Moving towards an African Solution to Protect Children
Nota bene: This piece was co-authored with Dr. Shelly Whitman, the Executive Director of the Child Soldiers Initiative.
Extreme violence against children affected by armed conflict is not only a humanitarian issue, but also a security concern with lasting implications. As children are forced into conflict, they become part of the ongoing cycle of violence and erode the potential for peace and long-term prosperity.
Today, the African Union (AU) faces a sobering reality in terms of the number of children affected by armed conflicts on the continent. This is particularly stark in relation to the ongoing use and recruitment of child soldiers. As of 2015, according to the UN Special Representative of the Secretary General for Children and Armed Conflict, seven countries: Mali, Nigeria, Central African Republic, Democratic Republic of the Congo, Sudan, South Sudan and Somali, along with one region, Central Africa, feature the recruitment and use of child soldiers within Africa by either state or non-state armed groups—or both.
In this challenging environment, the efforts of child protection specialists and organizations are often underfunded and lack effective coordination within the wider protection mechanisms, such as UN efforts to protect children. As such, there exists a distinct need to build regional capacity to protect children.
This regional approach to child protection is particularly resonant within the corridors of the African Union. AU committees such as the African Committee of Experts on the Rights and Welfare of the Child (ACERWC) and the AU’s Peace and Security Council, have made the protection of children a critical goal and these efforts should be applauded as steps in the right direction.
However, as the AU expands its capacity to develop and maintain its peacekeeping operations across the continent, there is also a great opportunity to put child protection into action as a critical step to advance peace on the continent.
To put this opportunity into action, The Roméo Dallaire Child Soldiers Initiative in a tripartite agreement with United Nations Children’s Emergency Fund and the AU, developed the first ever child protection advisor position for the African Union Mission in Somalia (AMISOM). This novel partnership has produced an individual who has coordinated child protection efforts through a standard and sustainable way between AMISOM, UNSOM, and the Somali Country Task Force—an incredibly difficult challenge in one of the most fragile security environments that exists on the globe.
This position represents a critical first step in a larger regional framework that will strengthen and coordinate child protection efforts within each of the AU peacekeeping mission contexts across Africa. The aim is to have the positions link international, regional and local child protection efforts, blending both humanitarian and security interventions effectively. To further extend the reach of child protection beyond just AU peacekeeping contexts, child protection advisors for specific country contexts could coordinate within AU regional liaison offices.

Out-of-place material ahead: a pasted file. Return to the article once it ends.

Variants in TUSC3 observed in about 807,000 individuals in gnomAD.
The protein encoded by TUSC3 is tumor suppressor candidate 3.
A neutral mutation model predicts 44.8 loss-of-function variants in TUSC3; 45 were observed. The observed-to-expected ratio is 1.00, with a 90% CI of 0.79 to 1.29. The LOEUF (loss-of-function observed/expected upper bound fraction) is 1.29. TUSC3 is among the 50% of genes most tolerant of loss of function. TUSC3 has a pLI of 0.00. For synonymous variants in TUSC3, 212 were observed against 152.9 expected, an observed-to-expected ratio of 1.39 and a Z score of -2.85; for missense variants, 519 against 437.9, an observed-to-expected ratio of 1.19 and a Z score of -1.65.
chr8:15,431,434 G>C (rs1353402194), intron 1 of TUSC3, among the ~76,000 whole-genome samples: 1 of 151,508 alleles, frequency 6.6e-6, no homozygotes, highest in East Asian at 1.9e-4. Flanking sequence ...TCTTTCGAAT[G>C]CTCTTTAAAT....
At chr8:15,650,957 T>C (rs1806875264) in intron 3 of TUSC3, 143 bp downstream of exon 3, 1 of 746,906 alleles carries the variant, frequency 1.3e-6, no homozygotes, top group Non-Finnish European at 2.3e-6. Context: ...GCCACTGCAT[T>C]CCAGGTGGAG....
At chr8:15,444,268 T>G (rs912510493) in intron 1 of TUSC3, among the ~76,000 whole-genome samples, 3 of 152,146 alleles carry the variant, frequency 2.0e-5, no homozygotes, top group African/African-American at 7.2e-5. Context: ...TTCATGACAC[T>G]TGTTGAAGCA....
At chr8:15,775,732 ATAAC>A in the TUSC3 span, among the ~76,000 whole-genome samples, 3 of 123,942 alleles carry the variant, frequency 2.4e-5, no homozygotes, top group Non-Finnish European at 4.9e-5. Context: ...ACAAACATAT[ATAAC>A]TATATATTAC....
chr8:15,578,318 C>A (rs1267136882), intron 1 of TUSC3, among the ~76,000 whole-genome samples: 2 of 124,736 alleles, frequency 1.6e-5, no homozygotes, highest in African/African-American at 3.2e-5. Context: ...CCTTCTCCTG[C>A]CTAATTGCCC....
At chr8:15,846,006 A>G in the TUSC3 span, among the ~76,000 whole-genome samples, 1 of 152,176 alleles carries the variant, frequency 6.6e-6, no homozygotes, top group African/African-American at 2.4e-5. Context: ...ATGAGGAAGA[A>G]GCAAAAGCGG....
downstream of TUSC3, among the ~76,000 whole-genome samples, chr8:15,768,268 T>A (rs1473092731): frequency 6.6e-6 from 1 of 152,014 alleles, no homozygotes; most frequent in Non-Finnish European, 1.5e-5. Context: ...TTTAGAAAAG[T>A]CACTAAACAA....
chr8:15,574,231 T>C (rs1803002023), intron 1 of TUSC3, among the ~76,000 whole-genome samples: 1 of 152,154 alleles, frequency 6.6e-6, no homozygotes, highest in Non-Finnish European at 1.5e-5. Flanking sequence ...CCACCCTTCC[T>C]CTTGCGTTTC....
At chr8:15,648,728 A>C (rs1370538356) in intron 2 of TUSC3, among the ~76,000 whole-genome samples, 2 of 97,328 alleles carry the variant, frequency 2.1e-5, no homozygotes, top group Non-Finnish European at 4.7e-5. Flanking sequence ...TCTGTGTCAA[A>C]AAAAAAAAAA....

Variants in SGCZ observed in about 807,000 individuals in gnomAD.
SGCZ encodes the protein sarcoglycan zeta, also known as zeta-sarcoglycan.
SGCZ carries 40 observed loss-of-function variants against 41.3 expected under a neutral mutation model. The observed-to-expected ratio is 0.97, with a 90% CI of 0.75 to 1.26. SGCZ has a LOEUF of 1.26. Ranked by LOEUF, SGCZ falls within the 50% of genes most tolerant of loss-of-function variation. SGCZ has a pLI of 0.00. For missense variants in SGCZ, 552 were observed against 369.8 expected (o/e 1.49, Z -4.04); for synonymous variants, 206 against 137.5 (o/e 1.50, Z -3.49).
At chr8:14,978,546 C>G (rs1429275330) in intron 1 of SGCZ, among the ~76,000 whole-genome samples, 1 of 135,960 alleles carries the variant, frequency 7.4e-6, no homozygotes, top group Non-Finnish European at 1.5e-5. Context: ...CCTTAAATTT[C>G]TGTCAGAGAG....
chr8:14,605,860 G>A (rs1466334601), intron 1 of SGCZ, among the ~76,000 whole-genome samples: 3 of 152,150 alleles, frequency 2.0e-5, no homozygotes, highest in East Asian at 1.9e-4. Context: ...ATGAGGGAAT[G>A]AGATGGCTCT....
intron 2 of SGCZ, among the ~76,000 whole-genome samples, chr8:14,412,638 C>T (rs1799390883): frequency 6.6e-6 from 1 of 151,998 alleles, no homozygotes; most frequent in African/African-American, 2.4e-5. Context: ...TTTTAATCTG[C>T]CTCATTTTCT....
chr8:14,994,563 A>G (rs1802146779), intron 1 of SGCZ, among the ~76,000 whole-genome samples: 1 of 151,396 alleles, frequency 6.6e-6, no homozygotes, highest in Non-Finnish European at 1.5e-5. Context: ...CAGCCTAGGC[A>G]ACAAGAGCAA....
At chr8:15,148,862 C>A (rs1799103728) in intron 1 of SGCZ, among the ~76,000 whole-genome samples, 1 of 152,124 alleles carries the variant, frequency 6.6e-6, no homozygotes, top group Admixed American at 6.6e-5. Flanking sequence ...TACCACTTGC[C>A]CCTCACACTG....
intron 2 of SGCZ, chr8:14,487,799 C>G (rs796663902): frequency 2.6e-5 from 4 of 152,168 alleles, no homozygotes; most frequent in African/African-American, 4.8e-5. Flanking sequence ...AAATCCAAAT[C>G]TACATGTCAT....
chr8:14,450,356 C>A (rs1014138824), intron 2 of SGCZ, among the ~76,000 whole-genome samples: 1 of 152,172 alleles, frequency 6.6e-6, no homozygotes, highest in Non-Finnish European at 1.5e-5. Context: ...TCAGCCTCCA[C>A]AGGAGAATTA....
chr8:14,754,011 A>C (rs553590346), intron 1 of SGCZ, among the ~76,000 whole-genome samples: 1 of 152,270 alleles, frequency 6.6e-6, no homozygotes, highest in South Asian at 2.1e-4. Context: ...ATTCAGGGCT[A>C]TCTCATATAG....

In addition to the deployment of such AU child protection positions, there is a need to build national level training and doctrinal guidance on how to prevent the use of child soldiers from a security sector perspective. The Roméo Dallaire Child Soldiers Initiative has begun this critical work in troop contributing countries such as Sierra Leone, Uganda and now Rwanda. Military and police personnel need to understand why they should be concerned with preventing the use of children from not only a moral or legal imperative but from the perspective of security sector reform approaches.
The African continent, through lived experience and large youth populations, has the momentum to become world leaders on the prevention of the use of children as soldiers. This is coupled with a strong legal framework through the AU architecture and the African Charter on the Rights and Welfare of the Child to protect children and cultural traditions that views the responsibility of raising a child as beyond the family but with the community as a whole.
Only through long-term solutions in response to the growing incidents of the six grave violations against children, particularly the use and recruitment of child soldiers, can an improved approach that strengthens child protection systems through the harmonization of policy and programs be possible. However, this requires collaboration with national governments and their security forces to create ownership of the processes to create change. The AU can assist this process by advocating for African solutions to address the protection of African children in ways that are meaningful and through strategic partnerships that build capacity and accountability. It is in the interest of all those who seek peace and stability overall to see the children of Africa protected from extreme violence.
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